In the world of cinema, there is a tradition of the triple threat—actors who can sing, dance, and play an instrument.
Because of this, when we see actors like Ryan Gosling playing piano in La La Land or Bradley Cooper playing guitar in A Star is Born, we naturally assume they came to the role with the skill already underhand. Surprisingly, many of these stars were cast without ever playing a single note.
Here is a musical revue of actors who learned to play an instrument for a role.
Sherlock Holmes is often remembered for his brilliant mind, but many forget that in the novels, he was also a boxer, chemist, and violinist. The BBC’s 2010 miniseries Sherlock did not forget that fact, and frequently showed the detective playing his violin.
When Cumberbatch began the role, he wanted the scenes to seem realistic. He learned the skill well enough that he could play the violin well during those scenes. To top it all off, he learned it all in a week.
The 2008 Dramedy The Brothers Bloom is far from a musical. However, in a brief comedic moment, Rachel Weisz’s character Penelope shows off her musical skills on the accordion, violin, guitar, and banjo after her bewildered scene partner, Bloom asks about her hobbies.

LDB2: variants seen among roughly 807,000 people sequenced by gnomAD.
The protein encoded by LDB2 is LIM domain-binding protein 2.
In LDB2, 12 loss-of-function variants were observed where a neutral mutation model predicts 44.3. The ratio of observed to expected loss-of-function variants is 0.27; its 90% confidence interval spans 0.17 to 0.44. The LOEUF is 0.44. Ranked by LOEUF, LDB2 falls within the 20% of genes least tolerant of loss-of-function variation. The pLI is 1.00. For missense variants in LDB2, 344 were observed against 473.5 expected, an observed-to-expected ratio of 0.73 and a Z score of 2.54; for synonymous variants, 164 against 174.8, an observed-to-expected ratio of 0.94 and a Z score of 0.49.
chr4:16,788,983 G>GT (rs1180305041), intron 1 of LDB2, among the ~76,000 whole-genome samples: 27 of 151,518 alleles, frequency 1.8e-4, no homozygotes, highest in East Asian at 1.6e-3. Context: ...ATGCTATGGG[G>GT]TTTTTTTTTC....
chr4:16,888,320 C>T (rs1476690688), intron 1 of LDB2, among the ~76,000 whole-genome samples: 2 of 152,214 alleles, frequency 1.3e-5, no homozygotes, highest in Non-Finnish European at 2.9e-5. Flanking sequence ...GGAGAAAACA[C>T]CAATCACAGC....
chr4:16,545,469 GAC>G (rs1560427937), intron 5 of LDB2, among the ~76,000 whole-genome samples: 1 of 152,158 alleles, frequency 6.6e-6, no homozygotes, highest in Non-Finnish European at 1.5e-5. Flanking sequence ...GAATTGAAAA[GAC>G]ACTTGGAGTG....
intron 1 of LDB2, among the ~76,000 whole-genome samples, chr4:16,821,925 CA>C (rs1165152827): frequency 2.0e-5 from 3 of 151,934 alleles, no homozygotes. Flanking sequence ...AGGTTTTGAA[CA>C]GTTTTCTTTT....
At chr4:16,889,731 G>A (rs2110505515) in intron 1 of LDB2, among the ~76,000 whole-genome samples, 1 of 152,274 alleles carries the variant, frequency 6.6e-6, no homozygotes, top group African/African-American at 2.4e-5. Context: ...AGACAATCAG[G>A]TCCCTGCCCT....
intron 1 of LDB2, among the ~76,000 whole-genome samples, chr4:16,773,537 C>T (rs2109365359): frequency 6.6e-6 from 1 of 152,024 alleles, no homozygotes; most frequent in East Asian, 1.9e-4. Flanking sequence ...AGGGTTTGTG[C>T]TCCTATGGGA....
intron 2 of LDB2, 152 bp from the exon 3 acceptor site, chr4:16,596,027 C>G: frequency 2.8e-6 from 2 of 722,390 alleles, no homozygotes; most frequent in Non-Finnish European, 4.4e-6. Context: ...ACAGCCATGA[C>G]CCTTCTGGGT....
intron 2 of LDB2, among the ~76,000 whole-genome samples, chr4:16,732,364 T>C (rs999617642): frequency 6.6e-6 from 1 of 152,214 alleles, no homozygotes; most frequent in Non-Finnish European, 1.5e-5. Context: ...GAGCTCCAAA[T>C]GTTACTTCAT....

Ironically, Bloom was played by Adrien Brody, who also famously transformed into a musician for his role in The Pianist.
This scene only lasts a few seconds, but Weisz, being a committed actor, learned to play all four instruments for the role so her fingering would look correct in this sequence.
- Amazon Prime Video (Video on Demand)
- Mykelti Williamson, Freddie Highmore, Keri Russell (Actors)
The 2007 drama August Rush follows orphan and musical prodigy Ethan as he plays and composes his way through New York City while on a quest to find his birth parents. Ethan astonishes everyone with his musical ability, so much so that, by the end of the film, he has attended Julliard and composed a rhapsody which he conducts himself.
Freddie Highmore was only 15 when he took on the role of Ethan, and he had never played guitar or conducted an orchestra before. He took lessons for 18 months to tackle the role.
When people think of the character Rafael Barba from Law in Order: Special Victims Unit, singing and dancing is usually the furthest thing from their mind. But Raúl Esparza, who played the role, is also a Tony-nominated Broadway actor. One of his nominations was for the lead role of Bobby in a 2007 production of Stephen Sondheim’s Company.
In this production, the cast doubled as the orchestra, with every character also playing at least one instrument throughout the show. For the final song “Being Alive,” Esparza had to learn to accompany himself on piano.
One of the advantages of learning to play piano is recognition for your skills, but in Esparza’s case, Sondheim was so impressed by his performance, that he rewrote the piano part to be more complicated.
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